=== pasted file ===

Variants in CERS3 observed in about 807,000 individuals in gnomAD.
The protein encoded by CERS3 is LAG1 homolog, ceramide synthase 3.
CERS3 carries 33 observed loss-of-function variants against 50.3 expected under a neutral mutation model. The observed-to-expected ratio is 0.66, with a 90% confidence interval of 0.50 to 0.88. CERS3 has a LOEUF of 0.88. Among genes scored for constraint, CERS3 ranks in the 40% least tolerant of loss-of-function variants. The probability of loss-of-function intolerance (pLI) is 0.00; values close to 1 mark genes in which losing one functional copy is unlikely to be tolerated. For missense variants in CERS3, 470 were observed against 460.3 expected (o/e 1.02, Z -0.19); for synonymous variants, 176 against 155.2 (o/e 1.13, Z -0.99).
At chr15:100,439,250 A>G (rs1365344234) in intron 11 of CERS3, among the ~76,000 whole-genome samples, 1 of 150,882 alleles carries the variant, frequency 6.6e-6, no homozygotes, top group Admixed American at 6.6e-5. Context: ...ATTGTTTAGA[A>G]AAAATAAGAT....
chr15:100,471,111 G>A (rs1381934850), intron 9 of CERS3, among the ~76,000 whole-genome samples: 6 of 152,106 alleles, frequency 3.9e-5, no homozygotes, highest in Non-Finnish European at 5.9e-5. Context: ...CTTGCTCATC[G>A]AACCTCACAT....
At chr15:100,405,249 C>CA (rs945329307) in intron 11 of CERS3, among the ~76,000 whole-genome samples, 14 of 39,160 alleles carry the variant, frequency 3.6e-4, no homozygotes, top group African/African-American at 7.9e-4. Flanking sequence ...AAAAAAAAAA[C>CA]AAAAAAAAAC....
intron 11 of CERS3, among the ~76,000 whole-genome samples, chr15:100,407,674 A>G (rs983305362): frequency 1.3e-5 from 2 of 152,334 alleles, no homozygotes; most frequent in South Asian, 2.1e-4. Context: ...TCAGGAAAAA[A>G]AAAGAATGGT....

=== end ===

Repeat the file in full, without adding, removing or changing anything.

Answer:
Variants in CERS3 observed in about 807,000 individuals in gnomAD.
The protein encoded by CERS3 is LAG1 homolog, ceramide synthase 3.
CERS3 carries 33 observed loss-of-function variants against 50.3 expected under a neutral mutation model. The observed-to-expected ratio is 0.66, with a 90% confidence interval of 0.50 to 0.88. CERS3 has a LOEUF of 0.88. Among genes scored for constraint, CERS3 ranks in the 40% least tolerant of loss-of-function variants. The probability of loss-of-function intolerance (pLI) is 0.00; values close to 1 mark genes in which losing one functional copy is unlikely to be tolerated. For missense variants in CERS3, 470 were observed against 460.3 expected (o/e 1.02, Z -0.19); for synonymous variants, 176 against 155.2 (o/e 1.13, Z -0.99).
At chr15:100,439,250 A>G (rs1365344234) in intron 11 of CERS3, among the ~76,000 whole-genome samples, 1 of 150,882 alleles carries the variant, frequency 6.6e-6, no homozygotes, top group Admixed American at 6.6e-5. Context: ...ATTGTTTAGA[A>G]AAAATAAGAT....
chr15:100,471,111 G>A (rs1381934850), intron 9 of CERS3, among the ~76,000 whole-genome samples: 6 of 152,106 alleles, frequency 3.9e-5, no homozygotes, highest in Non-Finnish European at 5.9e-5. Context: ...CTTGCTCATC[G>A]AACCTCACAT....
At chr15:100,405,249 C>CA (rs945329307) in intron 11 of CERS3, among the ~76,000 whole-genome samples, 14 of 39,160 alleles carry the variant, frequency 3.6e-4, no homozygotes, top group African/African-American at 7.9e-4. Flanking sequence ...AAAAAAAAAA[C>CA]AAAAAAAAAC....
intron 11 of CERS3, among the ~76,000 whole-genome samples, chr15:100,407,674 A>G (rs983305362): frequency 1.3e-5 from 2 of 152,334 alleles, no homozygotes; most frequent in South Asian, 2.1e-4. Context: ...TCAGGAAAAA[A>G]AAAGAATGGT....